KNOXVILLE (WATE) -- The Tennessee Valley Authority released its corrective action plan Tuesday for the area affected by the ash spill at the Kingston Fossil Plant and it suggests a new way to store the ash.
The state required TVA to produce the plan, which is 73 pages.
A retention wall at the Kingston plant gave way on December 22, 2008, spilling 5.4 million cubic yards of coal fly ash across Swan Pond Road and the surrounding neighborhoods in Harriman as well as into the Emory River.
Click here for 6 News coverage of the TVA ash slide.
The biggest change described in the plan is that TVA is considering converting the Kingston plant to a dry ash collection system, versus the wet ash system it was using. That process is already in use at other TVA power plants, such as the Bull Run facility in Oak Ridge.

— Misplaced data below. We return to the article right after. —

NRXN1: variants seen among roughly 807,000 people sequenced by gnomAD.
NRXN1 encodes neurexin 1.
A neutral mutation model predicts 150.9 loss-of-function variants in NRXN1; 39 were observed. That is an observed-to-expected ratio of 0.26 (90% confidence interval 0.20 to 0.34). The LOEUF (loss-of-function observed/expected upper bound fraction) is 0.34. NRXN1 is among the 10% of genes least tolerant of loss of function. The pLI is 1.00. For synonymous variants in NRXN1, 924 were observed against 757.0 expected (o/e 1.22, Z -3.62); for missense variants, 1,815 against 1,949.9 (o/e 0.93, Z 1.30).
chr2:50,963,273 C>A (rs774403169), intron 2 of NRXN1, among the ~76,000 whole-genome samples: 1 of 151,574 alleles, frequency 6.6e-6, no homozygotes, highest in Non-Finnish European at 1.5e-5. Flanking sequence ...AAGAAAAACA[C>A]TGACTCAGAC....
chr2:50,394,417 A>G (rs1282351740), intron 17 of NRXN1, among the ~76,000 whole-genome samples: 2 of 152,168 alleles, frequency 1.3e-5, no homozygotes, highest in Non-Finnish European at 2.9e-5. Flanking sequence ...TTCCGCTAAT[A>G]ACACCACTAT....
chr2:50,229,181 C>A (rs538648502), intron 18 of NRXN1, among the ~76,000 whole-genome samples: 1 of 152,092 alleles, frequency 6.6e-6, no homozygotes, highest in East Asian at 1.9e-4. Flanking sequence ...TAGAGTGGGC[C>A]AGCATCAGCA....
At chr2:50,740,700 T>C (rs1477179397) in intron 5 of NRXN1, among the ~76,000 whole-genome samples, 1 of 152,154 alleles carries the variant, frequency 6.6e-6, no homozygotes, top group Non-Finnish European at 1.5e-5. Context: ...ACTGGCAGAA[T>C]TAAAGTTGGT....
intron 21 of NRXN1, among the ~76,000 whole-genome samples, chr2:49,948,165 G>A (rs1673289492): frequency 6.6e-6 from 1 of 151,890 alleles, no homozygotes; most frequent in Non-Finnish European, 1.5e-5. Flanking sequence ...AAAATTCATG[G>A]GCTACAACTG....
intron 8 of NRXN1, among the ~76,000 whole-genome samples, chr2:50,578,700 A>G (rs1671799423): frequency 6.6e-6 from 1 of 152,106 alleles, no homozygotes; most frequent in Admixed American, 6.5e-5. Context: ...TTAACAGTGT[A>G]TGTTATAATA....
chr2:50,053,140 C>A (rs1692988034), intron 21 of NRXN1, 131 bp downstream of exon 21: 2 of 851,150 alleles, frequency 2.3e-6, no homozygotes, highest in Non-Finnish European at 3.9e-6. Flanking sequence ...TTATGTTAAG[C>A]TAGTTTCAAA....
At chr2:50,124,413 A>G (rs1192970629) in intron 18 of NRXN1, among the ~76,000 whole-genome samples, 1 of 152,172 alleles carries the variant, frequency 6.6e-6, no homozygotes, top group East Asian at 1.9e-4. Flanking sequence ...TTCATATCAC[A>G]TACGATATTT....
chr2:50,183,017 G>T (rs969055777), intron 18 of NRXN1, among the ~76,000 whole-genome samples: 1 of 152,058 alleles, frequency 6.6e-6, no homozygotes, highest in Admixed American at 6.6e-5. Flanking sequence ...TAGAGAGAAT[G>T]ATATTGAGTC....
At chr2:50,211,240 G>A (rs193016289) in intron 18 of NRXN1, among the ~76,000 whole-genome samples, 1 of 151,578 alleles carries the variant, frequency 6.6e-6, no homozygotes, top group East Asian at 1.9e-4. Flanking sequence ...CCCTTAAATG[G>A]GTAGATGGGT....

TVA says the conversion could take up to two years.
The plan calls for the failed ash storage pond to be permanently closed and capped.
In the meantime, two new temporary storage ponds would be built on unused areas of the Kingston plant property.
Unlike the older ponds, the new ponds will be lined to prevent groundwater contamination. Work is already underway to keep more ash from moving away from the site.
As the cleanup process moves forward, TVA is working to build a temporary dike near the main body of the spill. The utility says that structure is about 95 percent complete.
Crews are also stabilizing the existing dike walls with reinforcing boulders and clay caps on top.
And TVA will remove the ash from the Emory River with a dredging system.
The utility says the ultimate objective of its plan is to make the area "as good, if not better, than before the spill."